Description
BACKGROUND OF THE INVENTION

1. Field of the Invention

The present invention relates to a method for separating certain hydrocarbons from a mixtures of hydrocarbons. More specifically, the present invention relates to a method for separating and concentrating specific hydrocarbons from a mixture of hydrocarbons. This is a problem commonly found in the petroleum refining industry or petrochemical industry.

2. Description of the Prior Art

In the petroleum refining industry and the petrochemical industry, methods for separating certain hydrocarbons from mixtures of hydrocarbons by using a separating membrane have been under scientific and economical development for many years. To this date, many approaches have been published. For example, U.S. Pat. No. 2,958,656 proposes a method wherein a mixture of hydrocarbons (that is, naphtha) is supplied to a non-porous cellulose ether membrane, through which one portion of the hydrocarbons is permeated. Subsequently, the permeated hydrocarbons are removed using a washing gas or a washing liquid, thereby separating unsaturated compounds, saturated compounds and aromatic compounds. U.S. Pat. No. 2,930,754 proposes a method wherein one portion of the mixture, having a distillate temperature approximately equal to the boiling point of gasoline, is selectively permeated through a non-porous cellulose ether membrane. The permeated hydrocarbons are then removed using a washing gas or a washing liquid, thereby separating unsaturated hydrocarbons and other hydrocarbons such as aromatic compounds. Many fluorine-containing polyimides are known to be materials for membrane separation with excellent heat resistance and gas permeatability. Aromatic polyimides containing fluorine are disclosed, for example, in Publication of Unexamined Japanese Patent Application (Tokkai) No. Hei 5-7749, U.S. Pat. No. 3,822,202, U.S. Pat. No. 3,899,309, U.S. Pat. No. 4,532,041, U.S. Pat. No. 4,645,824, U.S. Pat. No. 4,705,540, U.S. Pat. No. 4,717,393, U.S. Pat. No. 4,717,394, U.S. Pat. No. 4,838,900, U.S. Pat. No. 4,897,092, U.S. Pat. No. 4,932,982, U.S. Pat. No. 4,929,405, U.S. Pat. No. 4,981,497, and U.S. Pat. No. 5,042,992.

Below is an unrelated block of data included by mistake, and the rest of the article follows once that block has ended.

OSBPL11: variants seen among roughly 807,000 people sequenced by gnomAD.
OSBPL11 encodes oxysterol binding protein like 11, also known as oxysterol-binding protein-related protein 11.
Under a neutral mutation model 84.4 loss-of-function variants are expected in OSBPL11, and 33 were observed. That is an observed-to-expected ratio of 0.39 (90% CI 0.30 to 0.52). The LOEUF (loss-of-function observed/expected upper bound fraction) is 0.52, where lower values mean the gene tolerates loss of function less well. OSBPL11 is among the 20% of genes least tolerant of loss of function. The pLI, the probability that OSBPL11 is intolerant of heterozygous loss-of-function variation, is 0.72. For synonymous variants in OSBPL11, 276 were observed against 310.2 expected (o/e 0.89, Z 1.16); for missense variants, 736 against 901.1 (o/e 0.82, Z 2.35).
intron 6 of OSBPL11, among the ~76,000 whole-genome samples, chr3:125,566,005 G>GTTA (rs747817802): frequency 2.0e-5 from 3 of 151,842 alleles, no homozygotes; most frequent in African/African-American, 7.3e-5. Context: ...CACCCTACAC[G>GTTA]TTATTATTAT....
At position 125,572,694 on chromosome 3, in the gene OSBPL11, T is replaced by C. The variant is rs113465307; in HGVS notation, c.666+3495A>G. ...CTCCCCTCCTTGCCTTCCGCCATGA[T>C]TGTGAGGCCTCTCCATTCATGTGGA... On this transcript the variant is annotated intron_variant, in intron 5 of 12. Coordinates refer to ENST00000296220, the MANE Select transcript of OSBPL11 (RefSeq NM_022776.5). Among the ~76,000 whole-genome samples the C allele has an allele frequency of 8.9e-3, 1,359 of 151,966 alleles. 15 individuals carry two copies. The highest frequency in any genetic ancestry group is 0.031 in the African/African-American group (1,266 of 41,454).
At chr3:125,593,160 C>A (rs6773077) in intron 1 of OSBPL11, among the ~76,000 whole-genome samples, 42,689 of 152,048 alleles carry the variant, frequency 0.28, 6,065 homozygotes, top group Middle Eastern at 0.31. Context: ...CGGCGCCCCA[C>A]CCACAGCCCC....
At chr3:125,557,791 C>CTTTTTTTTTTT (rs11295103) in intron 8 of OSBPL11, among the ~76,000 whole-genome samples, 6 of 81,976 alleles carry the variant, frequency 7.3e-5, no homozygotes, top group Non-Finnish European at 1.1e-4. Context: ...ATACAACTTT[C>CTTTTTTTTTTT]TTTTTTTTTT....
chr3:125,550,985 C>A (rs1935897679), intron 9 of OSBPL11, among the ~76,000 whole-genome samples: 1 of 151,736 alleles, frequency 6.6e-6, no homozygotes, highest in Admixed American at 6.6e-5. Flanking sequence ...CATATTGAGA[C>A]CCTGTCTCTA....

However, these conventional methods have an insufficient resistance of most of the separating membranes against aromatic hydrocarbons, unsaturated hydrocarbons, saturated hydrocarbons, etc. and have difficulties isolating specific hydrocarbons. Therefore, their use on an industrial scale is severely limited because of poor performance and high costs.

SUMMARY OF THE INVENTION

It is an object of the present invention to solve these problems, and to provide a method for selectively separating certain hydrocarbons from a mixture of hydrocarbons with a membrane that is highly resistant against hydrocarbons, and has excellent ability to separate specific hydrocarbons etc. from a mixture of hydrocarbons. Furthermore, the membrane should be of low cost and easy to implement.

In order to achieve these objects, a method for selectively separating hydrocarbons in accordance with the present invention comprises contacting a mixture including a hydrocarbon with one surface of a separating membrane having as its main component a fluorine-containing polyimide resin whose fractional free volume is in the range of 0.130-0.175; and passing the mixture through the separating membrane, so that a particular hydrocarbon permeates selectively and is thereby separated.

In the present invention, the fractional free volume (FFV) of the fluorine-containing polyimide resin is determined from

FFV=(V298−V0)/V298  Equation 1